Disclaimer – I made a goof. This McLaren launch actually happened on 13 February 1997, but it’s too bizarre a story not to share, so I’m running with it. Besides, it was probably the 14th somewhere in the world at the time it happened, so technically it’s still correct – and that’s the best kind of correct!
These days, F1 car launches are usually done on a simple live stream via a few renders being posted on Twitter. There was a time when car launches were executed in a slightly more interesting and over the top way – and they didn’t come much more extravagant than McLaren in 1997. The mid-90s had been a scary time for McLaren as the cars didn’t really prove sporty enough and on this day in 1997, the team revealed its new baby, the MP4/12, at the rather posh venue of Alexandra Palace in London.
McLaren didn’t go about the launch gingerly, though oh no – instead, the team put on an entire concert with both the Spice Girls and Jamiroquai on hand to perform. It’s basically the opposite of what you’d expect Ron Dennis to do but hey, these were big names back in the 90s. The money and resources were also there to do this sort of thing, so why not? Looking back now the whole thing is just so fantastically 90s.
It certainly seemed to add some spice to the performance though – at the opening race in Melbourne David Coulthard gave this team its first win for almost four years.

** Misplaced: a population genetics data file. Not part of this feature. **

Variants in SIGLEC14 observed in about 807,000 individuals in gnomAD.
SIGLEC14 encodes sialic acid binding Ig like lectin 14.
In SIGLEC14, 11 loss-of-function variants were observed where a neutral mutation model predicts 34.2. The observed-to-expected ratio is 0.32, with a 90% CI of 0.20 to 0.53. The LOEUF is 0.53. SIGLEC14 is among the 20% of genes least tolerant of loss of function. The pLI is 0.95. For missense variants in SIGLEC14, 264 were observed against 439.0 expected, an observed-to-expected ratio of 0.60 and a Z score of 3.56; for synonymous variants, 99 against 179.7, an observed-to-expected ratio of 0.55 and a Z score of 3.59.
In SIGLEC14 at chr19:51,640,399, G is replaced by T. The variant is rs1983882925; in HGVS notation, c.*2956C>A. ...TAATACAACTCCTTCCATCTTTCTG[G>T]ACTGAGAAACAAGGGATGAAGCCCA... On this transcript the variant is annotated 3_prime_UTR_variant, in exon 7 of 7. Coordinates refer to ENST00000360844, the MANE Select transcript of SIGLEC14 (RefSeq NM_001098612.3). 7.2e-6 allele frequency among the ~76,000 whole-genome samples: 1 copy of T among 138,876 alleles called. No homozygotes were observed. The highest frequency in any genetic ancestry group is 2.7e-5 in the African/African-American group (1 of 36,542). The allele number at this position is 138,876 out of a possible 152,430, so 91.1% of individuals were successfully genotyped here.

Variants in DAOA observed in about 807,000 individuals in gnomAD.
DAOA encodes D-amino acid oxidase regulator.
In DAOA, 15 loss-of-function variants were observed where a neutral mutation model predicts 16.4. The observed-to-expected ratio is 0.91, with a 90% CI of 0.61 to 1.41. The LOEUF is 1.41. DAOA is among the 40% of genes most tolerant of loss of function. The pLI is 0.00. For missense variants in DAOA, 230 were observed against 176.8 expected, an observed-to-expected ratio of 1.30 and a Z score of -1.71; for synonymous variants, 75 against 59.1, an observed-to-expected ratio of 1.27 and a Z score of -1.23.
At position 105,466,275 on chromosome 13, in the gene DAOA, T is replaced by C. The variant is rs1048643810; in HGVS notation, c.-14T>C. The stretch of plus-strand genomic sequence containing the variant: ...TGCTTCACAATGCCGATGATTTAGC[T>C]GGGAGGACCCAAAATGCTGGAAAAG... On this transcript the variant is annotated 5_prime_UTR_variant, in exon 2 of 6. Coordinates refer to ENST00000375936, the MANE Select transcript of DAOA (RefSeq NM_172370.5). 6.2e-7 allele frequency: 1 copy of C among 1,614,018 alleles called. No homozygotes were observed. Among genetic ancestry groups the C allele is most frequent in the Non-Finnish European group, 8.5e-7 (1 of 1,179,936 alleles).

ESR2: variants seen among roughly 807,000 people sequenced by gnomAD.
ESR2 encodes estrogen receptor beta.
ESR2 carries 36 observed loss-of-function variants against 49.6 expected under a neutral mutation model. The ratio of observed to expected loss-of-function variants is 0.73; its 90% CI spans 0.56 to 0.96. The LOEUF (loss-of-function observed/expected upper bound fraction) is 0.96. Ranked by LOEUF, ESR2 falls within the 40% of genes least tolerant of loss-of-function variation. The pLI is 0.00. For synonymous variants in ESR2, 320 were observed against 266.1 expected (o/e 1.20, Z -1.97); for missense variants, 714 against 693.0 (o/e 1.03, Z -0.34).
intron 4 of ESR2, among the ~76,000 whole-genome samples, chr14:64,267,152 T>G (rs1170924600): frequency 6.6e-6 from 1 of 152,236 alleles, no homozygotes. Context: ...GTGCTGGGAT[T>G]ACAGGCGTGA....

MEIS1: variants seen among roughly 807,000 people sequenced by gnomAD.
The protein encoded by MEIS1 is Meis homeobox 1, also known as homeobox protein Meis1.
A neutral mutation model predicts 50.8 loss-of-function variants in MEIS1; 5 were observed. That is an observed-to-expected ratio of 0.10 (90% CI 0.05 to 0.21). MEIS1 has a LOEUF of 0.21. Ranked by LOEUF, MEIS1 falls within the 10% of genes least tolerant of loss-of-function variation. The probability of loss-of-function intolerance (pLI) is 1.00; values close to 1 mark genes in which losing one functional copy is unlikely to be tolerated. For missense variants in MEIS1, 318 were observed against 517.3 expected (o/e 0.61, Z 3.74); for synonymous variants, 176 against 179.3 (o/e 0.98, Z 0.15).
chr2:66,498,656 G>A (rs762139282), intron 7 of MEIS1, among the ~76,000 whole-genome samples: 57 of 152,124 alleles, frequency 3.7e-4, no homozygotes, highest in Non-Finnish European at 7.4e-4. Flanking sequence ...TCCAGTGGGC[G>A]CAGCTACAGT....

Ricardo Rodriguez (born 1942), younger brother of Pedro Rodriguez, made his debut with Ferrari at the 1961 Italian GP and set a couple of records. At 19 years and 208 days old he not only became the youngest ever Ferrari driver but in qualifying second for his first race, also the youngest driver to start from the front row, a record he held until Max Verstappen qualified second at Spa in 2016.
Rodriguez raced sporadically for Ferrari in 1962, achieving a best finish of fourth in the Belgian GP. However, his promising career was cut tragically short when he died in a crash in practice for the non-championship Mexican GP at the end of the year.
Known for his immense raw speed and flamboyant sideways driving style, ‘Super Swede’ Ronnie Peterson (born 1944) was one of the top drivers of the 1970s. With 10 wins to his name, he’s undoubtedly one of the best drivers never to win a championship, a fact largely down to poor reliability and, more often than not, simply being in the wrong team at the wrong time.
At Lotus in 1978 he played something of a number two role to teammate and eventual champion Mario Andretti. Though he still had the time and the talent to have become a champion (if not in 1978, then in the future) he tragically died following an accident at the start of that year’s Italian Grand Prix.